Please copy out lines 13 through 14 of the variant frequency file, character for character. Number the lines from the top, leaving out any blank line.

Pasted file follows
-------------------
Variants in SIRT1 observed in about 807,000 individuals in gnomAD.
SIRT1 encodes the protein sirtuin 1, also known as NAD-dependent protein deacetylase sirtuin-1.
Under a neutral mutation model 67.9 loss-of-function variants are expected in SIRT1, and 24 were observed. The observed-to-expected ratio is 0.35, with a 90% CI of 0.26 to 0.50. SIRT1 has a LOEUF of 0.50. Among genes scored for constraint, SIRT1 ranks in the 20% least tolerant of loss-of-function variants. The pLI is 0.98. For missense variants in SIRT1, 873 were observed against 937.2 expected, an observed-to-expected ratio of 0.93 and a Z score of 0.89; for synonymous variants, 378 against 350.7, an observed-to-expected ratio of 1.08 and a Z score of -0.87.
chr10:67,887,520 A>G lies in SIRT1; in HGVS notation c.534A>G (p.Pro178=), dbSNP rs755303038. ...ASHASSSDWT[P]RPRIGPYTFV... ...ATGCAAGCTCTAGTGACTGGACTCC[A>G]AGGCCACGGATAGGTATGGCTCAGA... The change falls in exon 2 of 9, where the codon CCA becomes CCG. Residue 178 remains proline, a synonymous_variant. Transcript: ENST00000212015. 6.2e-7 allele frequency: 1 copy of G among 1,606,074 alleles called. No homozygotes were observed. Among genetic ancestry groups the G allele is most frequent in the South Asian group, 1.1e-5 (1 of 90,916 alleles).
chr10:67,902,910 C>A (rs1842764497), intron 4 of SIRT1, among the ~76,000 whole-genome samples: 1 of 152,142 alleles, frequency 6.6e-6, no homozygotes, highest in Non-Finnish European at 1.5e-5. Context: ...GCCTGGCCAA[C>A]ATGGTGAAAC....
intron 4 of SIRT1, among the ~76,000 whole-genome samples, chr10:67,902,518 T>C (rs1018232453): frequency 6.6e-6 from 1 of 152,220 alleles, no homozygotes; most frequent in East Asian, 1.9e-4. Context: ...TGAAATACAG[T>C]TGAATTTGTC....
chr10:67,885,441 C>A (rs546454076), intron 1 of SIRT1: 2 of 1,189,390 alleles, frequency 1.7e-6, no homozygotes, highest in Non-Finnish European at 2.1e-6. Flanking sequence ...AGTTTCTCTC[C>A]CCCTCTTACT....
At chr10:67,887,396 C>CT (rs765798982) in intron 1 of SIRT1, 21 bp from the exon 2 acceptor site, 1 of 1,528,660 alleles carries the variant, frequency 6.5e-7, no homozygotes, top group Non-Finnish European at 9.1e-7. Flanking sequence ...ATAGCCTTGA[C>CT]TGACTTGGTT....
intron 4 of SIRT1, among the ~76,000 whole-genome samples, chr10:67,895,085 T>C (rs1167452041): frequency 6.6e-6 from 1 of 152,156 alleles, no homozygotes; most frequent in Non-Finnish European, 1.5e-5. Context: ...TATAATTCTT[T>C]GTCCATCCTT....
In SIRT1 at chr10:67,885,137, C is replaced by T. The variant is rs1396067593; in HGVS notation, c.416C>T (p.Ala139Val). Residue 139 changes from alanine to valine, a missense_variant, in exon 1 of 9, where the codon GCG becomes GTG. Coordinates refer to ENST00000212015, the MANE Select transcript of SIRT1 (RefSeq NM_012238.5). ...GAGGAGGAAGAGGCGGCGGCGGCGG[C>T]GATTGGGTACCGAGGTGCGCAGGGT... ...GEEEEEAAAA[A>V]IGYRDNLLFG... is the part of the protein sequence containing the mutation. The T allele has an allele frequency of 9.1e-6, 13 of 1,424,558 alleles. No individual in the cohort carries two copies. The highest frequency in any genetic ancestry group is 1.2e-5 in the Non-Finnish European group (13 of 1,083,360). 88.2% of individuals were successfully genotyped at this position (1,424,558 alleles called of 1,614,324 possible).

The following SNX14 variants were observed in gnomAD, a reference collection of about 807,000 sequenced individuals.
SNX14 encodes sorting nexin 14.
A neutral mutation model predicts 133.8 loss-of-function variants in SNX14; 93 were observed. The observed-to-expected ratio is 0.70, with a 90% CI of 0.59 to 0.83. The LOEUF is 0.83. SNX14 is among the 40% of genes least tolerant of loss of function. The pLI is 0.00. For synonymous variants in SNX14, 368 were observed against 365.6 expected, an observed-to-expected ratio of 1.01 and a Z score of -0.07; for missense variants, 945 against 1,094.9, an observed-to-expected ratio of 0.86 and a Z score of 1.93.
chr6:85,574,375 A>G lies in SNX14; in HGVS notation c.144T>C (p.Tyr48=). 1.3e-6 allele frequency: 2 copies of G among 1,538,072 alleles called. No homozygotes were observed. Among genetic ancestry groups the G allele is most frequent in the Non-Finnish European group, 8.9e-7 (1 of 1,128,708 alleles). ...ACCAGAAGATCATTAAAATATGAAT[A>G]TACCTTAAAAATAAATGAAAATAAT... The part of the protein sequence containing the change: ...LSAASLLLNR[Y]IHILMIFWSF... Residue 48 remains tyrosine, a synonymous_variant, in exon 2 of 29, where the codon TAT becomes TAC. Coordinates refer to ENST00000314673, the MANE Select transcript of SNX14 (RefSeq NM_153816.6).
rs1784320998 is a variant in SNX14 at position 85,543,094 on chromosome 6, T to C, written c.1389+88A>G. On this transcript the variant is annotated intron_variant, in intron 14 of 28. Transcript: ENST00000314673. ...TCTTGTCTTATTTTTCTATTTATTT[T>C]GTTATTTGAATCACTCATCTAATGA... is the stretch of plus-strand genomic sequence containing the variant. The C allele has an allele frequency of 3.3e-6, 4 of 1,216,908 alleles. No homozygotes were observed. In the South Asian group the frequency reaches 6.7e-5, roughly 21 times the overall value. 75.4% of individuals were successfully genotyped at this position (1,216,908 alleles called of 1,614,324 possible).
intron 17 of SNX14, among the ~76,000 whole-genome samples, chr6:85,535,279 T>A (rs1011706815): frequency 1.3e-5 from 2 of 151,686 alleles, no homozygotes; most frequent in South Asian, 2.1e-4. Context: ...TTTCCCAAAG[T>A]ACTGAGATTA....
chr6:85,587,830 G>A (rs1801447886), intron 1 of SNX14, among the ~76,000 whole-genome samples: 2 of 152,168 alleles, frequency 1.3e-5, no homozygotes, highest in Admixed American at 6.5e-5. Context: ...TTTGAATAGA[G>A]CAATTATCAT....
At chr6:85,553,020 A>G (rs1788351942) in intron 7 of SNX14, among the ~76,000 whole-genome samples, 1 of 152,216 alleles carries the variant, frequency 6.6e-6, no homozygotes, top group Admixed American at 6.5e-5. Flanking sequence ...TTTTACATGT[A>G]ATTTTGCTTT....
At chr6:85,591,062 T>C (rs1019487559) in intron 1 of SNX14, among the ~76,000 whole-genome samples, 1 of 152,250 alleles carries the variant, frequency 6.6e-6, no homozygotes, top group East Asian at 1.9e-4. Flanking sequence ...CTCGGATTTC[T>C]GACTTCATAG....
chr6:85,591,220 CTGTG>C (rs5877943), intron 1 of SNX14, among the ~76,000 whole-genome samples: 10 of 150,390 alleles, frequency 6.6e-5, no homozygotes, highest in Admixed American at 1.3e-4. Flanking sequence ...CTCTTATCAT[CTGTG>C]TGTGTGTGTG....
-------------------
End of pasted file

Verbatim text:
A neutral mutation model predicts 133.8 loss-of-function variants in SNX14; 93 were observed. The observed-to-expected ratio is 0.70, with a 90% CI of 0.59 to 0.83. The LOEUF is 0.83. SNX14 is among the 40% of genes least tolerant of loss of function. The pLI is 0.00. For synonymous variants in SNX14, 368 were observed against 365.6 expected, an observed-to-expected ratio of 1.01 and a Z score of -0.07; for missense variants, 945 against 1,094.9, an observed-to-expected ratio of 0.86 and a Z score of 1.93.
chr6:85,574,375 A>G lies in SNX14; in HGVS notation c.144T>C (p.Tyr48=). 1.3e-6 allele frequency: 2 copies of G among 1,538,072 alleles called. No homozygotes were observed. Among genetic ancestry groups the G allele is most frequent in the Non-Finnish European group, 8.9e-7 (1 of 1,128,708 alleles). ...ACCAGAAGATCATTAAAATATGAAT[A>G]TACCTTAAAAATAAATGAAAATAAT... The part of the protein sequence containing the change: ...LSAASLLLNR[Y]IHILMIFWSF... Residue 48 remains tyrosine, a synonymous_variant, in exon 2 of 29, where the codon TAT becomes TAC. Coordinates refer to ENST00000314673, the MANE Select transcript of SNX14 (RefSeq NM_153816.6).